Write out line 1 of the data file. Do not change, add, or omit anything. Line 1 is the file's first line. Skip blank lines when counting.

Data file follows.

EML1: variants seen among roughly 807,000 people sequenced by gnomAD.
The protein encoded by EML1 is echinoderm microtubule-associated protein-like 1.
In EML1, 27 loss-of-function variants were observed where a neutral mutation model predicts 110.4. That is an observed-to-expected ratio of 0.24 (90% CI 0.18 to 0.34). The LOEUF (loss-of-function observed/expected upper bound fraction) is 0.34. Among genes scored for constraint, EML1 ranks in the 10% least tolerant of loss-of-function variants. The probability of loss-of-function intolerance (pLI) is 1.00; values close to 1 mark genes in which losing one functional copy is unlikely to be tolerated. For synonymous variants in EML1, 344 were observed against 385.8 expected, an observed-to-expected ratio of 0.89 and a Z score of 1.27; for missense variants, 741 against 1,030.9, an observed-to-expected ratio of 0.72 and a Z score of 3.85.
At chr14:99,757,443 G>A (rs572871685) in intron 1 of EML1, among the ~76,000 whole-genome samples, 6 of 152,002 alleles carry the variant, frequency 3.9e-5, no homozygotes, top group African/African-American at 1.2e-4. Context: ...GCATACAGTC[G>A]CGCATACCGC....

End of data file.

EML1: variants seen among roughly 807,000 people sequenced by gnomAD.